High-rises fail to con­duct safety fire au­dits

BE SAFE Fire of­fi­cials say res­i­den­tial build­ings have fire-fight­ing equip­ment but main­te­nance is lack­ing; also, no fire-safety drills are con­ducted

Hindustan Times ST (Mumbai) - HT Navi Mumbai Live - - HT NAVI MUMBAI - Sang­hami­tra Sengupta sang­hami­tra.sengupta@hin­dus­tan­times.com

It’s not only the in­dus­tries which lack proper fire­fight­ing equip­ment but also the nu­mer­ous high-rises in the city.

In Oc­to­ber, a ma­jor fire broke out in the plush NRI com­plex on Palm Beach Road, rais­ing ques­tions on the safety steps taken by new multi-storey build­ings. Al­though there was no ca­su­alty, the amount of time it took to douse the fire was alarm­ing. The fire, which broke out on the 15th floor soon spread to the 18th floor. Res­i­dents had blamed the fire bri­gade of­fi­cers for the de­lay in dous­ing the fire.

“We are equipped to tackle fire ac­ci­dents. How­ever, Navi Mum­bai is wit­ness­ing an in­crease in high­rises and along with it the safety meth­ods should also rise. Ev­ery build­ing should com­ply with the fire,” said Vi­jay Rane, chief fire of­fi­cer, Navi Mum­bai Mu­nic­i­pal Cor­po­ra­tion (NMMC).

The civic depart­ment has four fire sta­tions in Vashi, Be­la­pur, Nerul and Airoli and the fifth sta­tion is com­ing up in Kopar Khairane.

Al­though it has 32m, 52m and 68m Branto skylifts, one res­cue ten­der, 22 ve­hi­cles with a ca­pac­ity of 2,000 to 8,000 litres of wa­ter, flood­lights and cut­ting tools, the depart­ment has asked more ve­hi­cles. The most im­por­tant re­quire­ment is more man power as the to­tal strength of 130 per­son­nel is not enough. “The only thing we lack is fire per­son­nel. As per the Ma­ha­rash­tra Fire Preven­tion and Life Safety Mea­sures Act, 2009, each fire sta­tion is sup­posed to 120 employees in each fire sta­tion,” said Rane.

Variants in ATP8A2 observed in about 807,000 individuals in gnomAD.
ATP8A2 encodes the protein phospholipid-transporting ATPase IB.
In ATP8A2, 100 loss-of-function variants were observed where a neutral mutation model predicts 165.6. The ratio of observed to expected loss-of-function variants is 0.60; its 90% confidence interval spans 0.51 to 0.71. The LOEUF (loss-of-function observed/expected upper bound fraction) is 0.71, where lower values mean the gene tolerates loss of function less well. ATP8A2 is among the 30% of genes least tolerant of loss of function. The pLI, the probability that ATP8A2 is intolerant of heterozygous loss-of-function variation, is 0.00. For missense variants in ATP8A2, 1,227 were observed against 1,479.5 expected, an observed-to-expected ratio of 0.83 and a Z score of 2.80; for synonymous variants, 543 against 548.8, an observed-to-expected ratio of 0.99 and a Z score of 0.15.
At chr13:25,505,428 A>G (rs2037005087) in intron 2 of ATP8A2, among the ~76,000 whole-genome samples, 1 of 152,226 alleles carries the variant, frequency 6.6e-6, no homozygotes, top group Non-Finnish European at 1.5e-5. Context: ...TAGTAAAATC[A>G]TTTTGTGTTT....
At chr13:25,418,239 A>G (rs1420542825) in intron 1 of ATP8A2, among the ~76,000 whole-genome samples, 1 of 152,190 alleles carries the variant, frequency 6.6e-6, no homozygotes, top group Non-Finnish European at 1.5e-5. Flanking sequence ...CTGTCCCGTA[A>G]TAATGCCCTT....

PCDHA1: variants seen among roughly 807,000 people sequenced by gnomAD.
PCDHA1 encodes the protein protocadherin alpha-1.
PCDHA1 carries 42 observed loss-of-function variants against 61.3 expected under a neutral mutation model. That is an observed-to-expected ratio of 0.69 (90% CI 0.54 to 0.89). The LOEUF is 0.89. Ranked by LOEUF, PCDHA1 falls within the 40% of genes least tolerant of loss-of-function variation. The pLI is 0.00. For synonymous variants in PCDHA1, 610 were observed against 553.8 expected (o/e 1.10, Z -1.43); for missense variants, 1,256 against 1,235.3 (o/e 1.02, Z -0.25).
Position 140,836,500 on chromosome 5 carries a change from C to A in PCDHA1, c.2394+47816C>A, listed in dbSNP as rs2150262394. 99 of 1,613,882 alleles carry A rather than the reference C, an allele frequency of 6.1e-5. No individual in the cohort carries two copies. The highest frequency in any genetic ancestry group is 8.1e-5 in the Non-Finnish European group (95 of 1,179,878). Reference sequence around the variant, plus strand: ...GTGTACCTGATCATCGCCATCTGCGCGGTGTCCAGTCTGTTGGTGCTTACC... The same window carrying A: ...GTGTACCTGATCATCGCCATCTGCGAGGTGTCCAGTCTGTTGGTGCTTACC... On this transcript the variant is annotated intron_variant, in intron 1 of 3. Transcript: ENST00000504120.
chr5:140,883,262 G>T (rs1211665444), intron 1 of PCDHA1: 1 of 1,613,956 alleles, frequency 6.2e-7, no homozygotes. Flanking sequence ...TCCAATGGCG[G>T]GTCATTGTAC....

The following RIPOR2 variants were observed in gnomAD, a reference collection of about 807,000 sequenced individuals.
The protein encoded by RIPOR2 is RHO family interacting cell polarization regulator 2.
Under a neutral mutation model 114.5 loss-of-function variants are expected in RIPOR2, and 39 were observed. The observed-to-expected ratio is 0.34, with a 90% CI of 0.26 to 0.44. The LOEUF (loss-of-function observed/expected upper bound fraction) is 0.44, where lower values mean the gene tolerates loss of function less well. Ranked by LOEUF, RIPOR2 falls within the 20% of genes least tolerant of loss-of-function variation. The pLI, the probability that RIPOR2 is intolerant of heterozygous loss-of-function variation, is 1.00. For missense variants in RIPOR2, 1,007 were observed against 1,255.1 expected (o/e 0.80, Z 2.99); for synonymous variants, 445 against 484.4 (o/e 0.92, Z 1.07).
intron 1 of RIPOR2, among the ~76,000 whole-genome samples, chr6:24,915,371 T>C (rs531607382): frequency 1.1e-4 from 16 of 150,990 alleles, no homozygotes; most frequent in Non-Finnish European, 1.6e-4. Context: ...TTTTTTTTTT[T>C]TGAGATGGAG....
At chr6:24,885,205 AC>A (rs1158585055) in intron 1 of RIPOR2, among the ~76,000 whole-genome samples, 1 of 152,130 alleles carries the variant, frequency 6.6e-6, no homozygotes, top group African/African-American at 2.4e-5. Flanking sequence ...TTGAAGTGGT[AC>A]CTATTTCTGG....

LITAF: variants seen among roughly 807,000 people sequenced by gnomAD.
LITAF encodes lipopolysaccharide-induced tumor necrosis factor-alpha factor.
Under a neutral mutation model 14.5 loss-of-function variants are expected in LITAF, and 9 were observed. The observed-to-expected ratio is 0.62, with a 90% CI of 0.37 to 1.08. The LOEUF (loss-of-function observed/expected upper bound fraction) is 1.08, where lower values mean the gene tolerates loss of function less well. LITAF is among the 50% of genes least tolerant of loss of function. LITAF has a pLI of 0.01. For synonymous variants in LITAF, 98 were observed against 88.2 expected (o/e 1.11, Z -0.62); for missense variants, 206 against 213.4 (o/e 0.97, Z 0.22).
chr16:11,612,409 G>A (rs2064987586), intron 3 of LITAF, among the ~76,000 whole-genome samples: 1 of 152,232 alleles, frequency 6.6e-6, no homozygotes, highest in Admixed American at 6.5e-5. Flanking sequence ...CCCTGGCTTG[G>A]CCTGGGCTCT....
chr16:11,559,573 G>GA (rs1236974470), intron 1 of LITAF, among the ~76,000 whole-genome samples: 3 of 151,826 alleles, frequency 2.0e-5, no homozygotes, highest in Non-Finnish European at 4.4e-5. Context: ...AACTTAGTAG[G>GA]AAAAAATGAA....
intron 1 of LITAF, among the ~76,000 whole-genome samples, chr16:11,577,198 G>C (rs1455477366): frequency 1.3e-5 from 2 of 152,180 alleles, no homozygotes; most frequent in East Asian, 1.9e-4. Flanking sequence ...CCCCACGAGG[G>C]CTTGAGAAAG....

Fire of­fi­cials also said res­i­den­tial build­ings have fire-fight­ing equip­ment but main­te­nance is lack­ing. Also, there are no fire­safety drills.

Many res­i­dents do not know about the fire-fight­ing equip­ment in the build­ing and how to use them if there is a fire accident. Many high-rise res­i­den­tial com­plexes do not have a ded­i­cated main­te­nance staff and most of the work is han­dled by in­ex­pe­ri­enced con­trac­tors, said of­fi­cials.

“Most of th­ese high-rises are com­mer­cial-cum-res­i­den­tial com­plexes. They need to have fre­quent in­spec­tions of the build­ing premises by the fire depart­ment of­fi­cials and adopt more strin­gent mea­sures to make their build­ings fire-safe,” said RR Nair, chief ex­ec­u­tive of Safety and Health In­for­ma­tion Bureau and also a tech­ni­cal ad­vi­sor to a group of fire pro­tec­tion com­pa­nies in Mum­bai.

Of­fi­cials and ex­perts said reg­u­lar fire safety au­dit is a must. “Fire safety au­dit should be made com­pul­sory. Oc­cu­pancy cer­tifi­cate for high-rises and spe­cial build­ings will be is­sued only af­ter ob­tain­ing clear­ance from the chief fire of­fi­cer,” said Nair.

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